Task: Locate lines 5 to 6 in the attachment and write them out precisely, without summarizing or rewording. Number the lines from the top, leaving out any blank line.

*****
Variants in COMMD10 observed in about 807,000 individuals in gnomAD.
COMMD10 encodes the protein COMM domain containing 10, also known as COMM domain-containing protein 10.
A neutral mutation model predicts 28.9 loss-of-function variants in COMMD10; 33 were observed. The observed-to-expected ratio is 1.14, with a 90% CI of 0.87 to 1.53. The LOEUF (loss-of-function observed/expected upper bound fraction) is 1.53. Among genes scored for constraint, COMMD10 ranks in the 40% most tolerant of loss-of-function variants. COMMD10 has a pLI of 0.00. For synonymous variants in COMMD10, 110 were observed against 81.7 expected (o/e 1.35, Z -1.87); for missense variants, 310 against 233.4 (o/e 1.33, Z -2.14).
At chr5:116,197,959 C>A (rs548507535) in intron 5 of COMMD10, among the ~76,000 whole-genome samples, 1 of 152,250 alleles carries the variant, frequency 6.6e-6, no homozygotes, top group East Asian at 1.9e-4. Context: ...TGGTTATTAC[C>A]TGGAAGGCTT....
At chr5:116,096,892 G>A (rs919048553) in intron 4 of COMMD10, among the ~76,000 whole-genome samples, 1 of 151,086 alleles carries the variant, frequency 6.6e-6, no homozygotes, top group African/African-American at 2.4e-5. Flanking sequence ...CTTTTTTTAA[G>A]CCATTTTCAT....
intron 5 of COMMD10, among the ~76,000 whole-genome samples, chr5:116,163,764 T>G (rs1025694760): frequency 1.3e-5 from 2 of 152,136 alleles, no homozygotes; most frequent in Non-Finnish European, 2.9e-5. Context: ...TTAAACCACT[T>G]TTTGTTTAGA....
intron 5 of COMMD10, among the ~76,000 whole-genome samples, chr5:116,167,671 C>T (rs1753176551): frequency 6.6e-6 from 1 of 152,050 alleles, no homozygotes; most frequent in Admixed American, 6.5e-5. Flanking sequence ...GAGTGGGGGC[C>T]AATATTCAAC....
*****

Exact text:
At chr5:116,096,892 G>A (rs919048553) in intron 4 of COMMD10, among the ~76,000 whole-genome samples, 1 of 151,086 alleles carries the variant, frequency 6.6e-6, no homozygotes, top group African/African-American at 2.4e-5. Flanking sequence ...CTTTTTTTAA[G>A]CCATTTTCAT....
intron 5 of COMMD10, among the ~76,000 whole-genome samples, chr5:116,163,764 T>G (rs1025694760): frequency 1.3e-5 from 2 of 152,136 alleles, no homozygotes; most frequent in Non-Finnish European, 2.9e-5. Context: ...TTAAACCACT[T>G]TTTGTTTAGA....